Yes, that's right: The Trump Administration is now insisting that insurance carriers send out separate bills for $1.00 per month per enrollee, specifically for "Abortion Services" or whatever the euphemistic language they decide to go with is. Between printing, postage, processing and so forth, there's a good chance it will cost the carriers more than $1.00 per enrollee anyway, which will lead some of them to drop abortion coverage from their policies altogether, which is of course the entire point.

In addition, this will humiliate and embarrass many women enrolled in the policies as they're further degraded by having an extremely personal and sensitive medical issue specifically called out. And of course I guarantee that thousands of people will end up receiving late payment notices (potentially even losing their coverage eventually) even when they pay their premiums regularly because they didn't notice the second invoice for a mere $1.00 that shows up each and every month.

This policy was supposed to go into effect on January 1st, 2019. I'm looking into whether or not this has actually been implemented yet and will update once I find out.

HOWEVER...none of the above is the actual point of this entry. Everything I've written until now is just to drive home how insanely controversial and difficult it is to craft and implement federal healthcare policy around abortion as long as the Hyde Amendment is part of the equation.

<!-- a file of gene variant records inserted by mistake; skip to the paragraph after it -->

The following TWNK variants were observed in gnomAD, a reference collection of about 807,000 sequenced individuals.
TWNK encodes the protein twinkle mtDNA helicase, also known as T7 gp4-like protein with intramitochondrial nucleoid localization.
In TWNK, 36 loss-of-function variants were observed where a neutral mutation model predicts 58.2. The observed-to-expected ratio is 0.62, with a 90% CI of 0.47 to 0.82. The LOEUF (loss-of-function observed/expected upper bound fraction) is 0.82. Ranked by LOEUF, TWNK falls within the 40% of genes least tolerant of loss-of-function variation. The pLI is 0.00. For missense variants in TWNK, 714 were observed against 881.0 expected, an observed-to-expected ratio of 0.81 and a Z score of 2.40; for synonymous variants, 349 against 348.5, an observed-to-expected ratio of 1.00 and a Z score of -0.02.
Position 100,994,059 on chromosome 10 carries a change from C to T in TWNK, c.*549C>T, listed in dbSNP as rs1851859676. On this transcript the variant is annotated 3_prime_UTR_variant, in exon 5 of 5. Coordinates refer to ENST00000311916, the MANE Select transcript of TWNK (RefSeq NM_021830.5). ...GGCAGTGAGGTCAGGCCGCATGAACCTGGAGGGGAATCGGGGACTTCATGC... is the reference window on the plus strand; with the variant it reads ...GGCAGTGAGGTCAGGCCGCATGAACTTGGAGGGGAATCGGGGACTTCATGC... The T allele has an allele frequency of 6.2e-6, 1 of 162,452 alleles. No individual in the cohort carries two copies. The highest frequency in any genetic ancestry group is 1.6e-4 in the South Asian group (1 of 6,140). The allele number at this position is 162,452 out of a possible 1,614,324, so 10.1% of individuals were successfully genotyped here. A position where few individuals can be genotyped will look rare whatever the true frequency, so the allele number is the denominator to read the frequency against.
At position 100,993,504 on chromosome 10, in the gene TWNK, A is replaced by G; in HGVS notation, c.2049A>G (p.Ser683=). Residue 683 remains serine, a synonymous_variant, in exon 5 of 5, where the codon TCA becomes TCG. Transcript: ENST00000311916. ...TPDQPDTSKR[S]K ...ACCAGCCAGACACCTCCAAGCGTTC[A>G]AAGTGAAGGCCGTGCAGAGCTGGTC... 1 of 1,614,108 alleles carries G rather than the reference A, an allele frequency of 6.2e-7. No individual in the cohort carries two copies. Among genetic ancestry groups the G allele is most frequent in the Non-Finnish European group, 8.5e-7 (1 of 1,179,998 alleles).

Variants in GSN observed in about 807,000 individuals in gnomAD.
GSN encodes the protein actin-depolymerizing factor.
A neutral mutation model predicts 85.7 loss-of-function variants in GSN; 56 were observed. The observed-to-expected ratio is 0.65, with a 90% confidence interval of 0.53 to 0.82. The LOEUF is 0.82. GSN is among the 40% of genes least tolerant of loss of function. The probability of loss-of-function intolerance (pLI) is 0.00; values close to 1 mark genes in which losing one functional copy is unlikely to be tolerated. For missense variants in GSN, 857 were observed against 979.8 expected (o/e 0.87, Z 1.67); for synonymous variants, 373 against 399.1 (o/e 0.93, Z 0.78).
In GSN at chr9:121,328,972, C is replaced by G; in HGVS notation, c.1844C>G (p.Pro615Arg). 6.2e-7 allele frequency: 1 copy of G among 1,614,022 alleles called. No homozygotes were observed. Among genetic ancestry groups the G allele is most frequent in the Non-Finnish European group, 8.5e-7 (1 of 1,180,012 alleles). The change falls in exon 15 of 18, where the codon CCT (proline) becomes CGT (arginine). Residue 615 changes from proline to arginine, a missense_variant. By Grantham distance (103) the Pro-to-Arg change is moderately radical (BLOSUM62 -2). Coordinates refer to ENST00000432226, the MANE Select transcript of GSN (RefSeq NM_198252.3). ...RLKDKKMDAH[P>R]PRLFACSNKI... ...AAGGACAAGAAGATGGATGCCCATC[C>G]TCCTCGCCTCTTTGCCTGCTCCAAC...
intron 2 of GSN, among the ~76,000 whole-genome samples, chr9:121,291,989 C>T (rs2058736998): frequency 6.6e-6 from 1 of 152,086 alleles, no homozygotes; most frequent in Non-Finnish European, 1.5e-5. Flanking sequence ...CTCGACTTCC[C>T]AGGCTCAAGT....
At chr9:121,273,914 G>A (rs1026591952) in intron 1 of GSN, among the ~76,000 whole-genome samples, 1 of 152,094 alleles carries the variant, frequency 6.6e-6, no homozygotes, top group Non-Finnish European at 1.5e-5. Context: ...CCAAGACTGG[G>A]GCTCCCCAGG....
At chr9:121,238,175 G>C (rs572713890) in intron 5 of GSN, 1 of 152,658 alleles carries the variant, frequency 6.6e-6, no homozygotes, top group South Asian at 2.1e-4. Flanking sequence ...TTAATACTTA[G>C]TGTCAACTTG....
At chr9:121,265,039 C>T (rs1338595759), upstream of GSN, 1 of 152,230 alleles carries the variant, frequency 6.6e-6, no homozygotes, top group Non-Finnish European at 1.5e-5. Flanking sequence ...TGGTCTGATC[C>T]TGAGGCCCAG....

Well, it's about to get a whole lot worse.

In 2016, the Hyde Amendment played a major role in the downfall of a state-based Single Payer ballot proposal. The state of Colorado voted on a partial SP bill called ColoradoCare, which (if it had become law) would have been funded partly by repurposing federal funds for Medicare, Medicaid and the ACA and partly using state funding. Here's what happened:

Last November the residents of Colorado had the opportunity to pass a Single Payer healthcare bill at the state level. If it had passed, about a quarter of the population would've stayed put, but everyone else would've been covered with a new Single Payer system, paid for partly with Obamacare funding and partly by adding new payroll and income taxes. Remember, these taxes would be replacing just about all of the payments that Colorado residents are currently paying for their health insurance.

Bernie Sanders campaigned for the Colorado plan. So did Michael Moore, Noam Chomsky, and other progressive big shots. Colorado is a purple-to-blueish state. You would think that it would've either passed or, at worst, come kinda close. Instead, the proposal was spin-kicked right in the suckhole.

Now, you can argue that opposition from a couple of Colorado's highest profile Democratic officials didn't help matters ... but it still lost 80 to 20 in a state where Hillary Clinton won by five points. On paper, it should've gotten a hell of a lot more than 20 percent of the vote ... but in practice, it was simply too big a shock to the system all at once for people to swallow, even if the numbers added up.

There were a lot of reasons why ColoradoCare was crushed, but one of them was this: